Rosalie Skinner

Science fiction and fantasy author

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Book Seven
Adrift: In Search of Memory

Tag Seawell needs to find out who he is, before the black fits he suffers get worse. What does a vessel carrying wizards and powerful warriors want with a backwater sailor?

Exiled Autumn's Peril - Cover ImageCHAPTER ONE

unedited version

Saturated beneath oilskins, the captain swallowed a mouthful of rain and muttered a curse, bracing when the small ship rolled and bucked against the heavy seas. Salt water sluiced over the bowsprit. Waves crashed through the scuppers, from bow to stern.

“By Orthcan’s shoal and the tides of Marnain, I’d give anything for a change in luck,” Ed Brasheer groaned, as Fate tossed his storm battered ship on a wild ocean. The vessel shuddered before dropping from the crest of another wave.

Above the tumult, the groan of stressed timber alarmed the skipper. The forward mast bowed against the force of the wind and threatened to splinter. Lashed to the helm, Brasheer ground his teeth. Rain and wave fought to shred storm set sails. He lifted tired eyes as lightning speared through dark clouds.

“Careful what you ask for, Captain,” Toby, his first mate shouted. Wind stole words from his chapped lips. “You never know who’s listening.”

“If we lose another mast before the season ends, this storm will ruin me.”

Both men staggered as the ship drove her bow into another wave. The deck tilted. Bowsprit dug deep. For a heartbeat, Ed’s whole world turned on end as water washed across the vessel’s waist.

On the forward yard, a sail shredded. A crewman screamed, falling when the sheet whipped across his face. With one foot caught in the rigging, the man swung above black water. Ed held his breath, afraid his ship would spear into bottomless depths. His heart pounded. Another wave broke beneath the hull thrusting The Petrel’s stern high into the air.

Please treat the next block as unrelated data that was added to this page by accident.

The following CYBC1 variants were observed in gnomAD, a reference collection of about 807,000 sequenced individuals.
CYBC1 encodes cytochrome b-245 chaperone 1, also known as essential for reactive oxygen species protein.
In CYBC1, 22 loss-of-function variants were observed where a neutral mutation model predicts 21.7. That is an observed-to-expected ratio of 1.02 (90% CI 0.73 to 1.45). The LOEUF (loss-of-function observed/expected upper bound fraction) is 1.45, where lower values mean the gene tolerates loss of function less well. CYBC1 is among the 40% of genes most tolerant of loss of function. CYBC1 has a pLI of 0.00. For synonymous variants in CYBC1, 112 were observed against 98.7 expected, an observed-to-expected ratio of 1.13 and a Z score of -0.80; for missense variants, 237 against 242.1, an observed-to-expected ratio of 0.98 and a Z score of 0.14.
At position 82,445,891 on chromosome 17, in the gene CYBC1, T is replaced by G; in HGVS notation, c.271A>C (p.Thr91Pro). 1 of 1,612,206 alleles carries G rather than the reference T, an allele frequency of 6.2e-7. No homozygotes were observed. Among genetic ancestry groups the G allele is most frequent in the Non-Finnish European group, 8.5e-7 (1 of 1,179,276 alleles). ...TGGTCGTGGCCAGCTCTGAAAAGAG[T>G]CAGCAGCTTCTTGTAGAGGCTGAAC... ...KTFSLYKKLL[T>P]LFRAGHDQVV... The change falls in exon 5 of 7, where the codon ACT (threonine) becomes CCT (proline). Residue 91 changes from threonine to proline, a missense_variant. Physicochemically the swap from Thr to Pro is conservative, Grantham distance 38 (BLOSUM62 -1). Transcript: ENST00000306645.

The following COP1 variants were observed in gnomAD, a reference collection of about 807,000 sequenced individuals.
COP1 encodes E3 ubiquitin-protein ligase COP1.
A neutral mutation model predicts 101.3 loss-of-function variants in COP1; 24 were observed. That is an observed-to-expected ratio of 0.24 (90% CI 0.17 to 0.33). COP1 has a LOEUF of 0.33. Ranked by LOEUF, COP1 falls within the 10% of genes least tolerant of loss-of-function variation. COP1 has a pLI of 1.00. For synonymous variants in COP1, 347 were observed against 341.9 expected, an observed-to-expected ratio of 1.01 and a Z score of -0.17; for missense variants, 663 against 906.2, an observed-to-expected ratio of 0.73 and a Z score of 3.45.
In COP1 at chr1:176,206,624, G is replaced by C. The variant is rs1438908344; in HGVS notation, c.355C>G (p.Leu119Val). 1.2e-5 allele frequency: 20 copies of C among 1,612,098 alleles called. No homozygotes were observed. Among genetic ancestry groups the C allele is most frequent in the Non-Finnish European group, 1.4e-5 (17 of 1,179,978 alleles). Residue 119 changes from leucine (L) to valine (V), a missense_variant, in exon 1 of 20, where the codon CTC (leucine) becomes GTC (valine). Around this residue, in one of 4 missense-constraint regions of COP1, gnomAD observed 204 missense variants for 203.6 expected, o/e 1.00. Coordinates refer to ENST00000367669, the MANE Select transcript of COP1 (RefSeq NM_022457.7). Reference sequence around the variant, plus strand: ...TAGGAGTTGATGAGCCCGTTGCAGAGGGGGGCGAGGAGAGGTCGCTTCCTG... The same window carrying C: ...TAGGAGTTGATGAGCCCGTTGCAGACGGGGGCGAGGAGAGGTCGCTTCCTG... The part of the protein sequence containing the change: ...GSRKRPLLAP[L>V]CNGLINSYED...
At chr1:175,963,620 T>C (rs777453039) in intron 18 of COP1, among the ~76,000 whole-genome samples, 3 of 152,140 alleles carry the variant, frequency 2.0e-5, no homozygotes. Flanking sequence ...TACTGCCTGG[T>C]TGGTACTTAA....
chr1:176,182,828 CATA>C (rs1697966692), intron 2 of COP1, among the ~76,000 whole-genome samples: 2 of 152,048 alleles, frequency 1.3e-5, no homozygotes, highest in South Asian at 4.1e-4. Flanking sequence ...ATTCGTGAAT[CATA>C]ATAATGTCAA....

“Get him down.” Ed fought to hold the ship straight into the next set of waves. “Look lively. The wind has died a little.”

“No Captain, it’s died a lot!” Even over the creaking hull, driving rain and raging sea, Ed heard a note of anxiety in the first mate’s voice. The storm didn’t seem to frighten Toby as much as the tempest’s demise.

“What have I done?” Ed spun. Around him, rain eased and furious seas settled. He refused to believe one impulsive plea could change destiny. “We’ve ridden through the worst, Toby. Bilge and blisters, we survived.”

“You mean our luck changed.” Toby’s accusation made the captain shiver. “I’ll see to getting Crimp cut down and treated, sir.” The first mate’s face gleamed white in the muted light of heavy clouds. He pointed to a bedraggled bundle strewn across the forward hatch that hadn’t been there earlier. “You can see to our guest. What ill wind or providence would dump a stranger onto our decks in weather as foul as this?”

Brasheer looked into the green underbelly of storm-ridden clouds. He untied his oilskin cap and shook his head.

“I dare say we are about to find out.” He pointed a shaking finger toward a large silver object floating in the sky, high above the tallest mast. “Have you ever seen a creature or a creation as strange as this?”

Toby looked skyward, as intense light engulfed the ship and a flying machine hovered beneath the clouds.

“Silt and seaweed, preserve us.”



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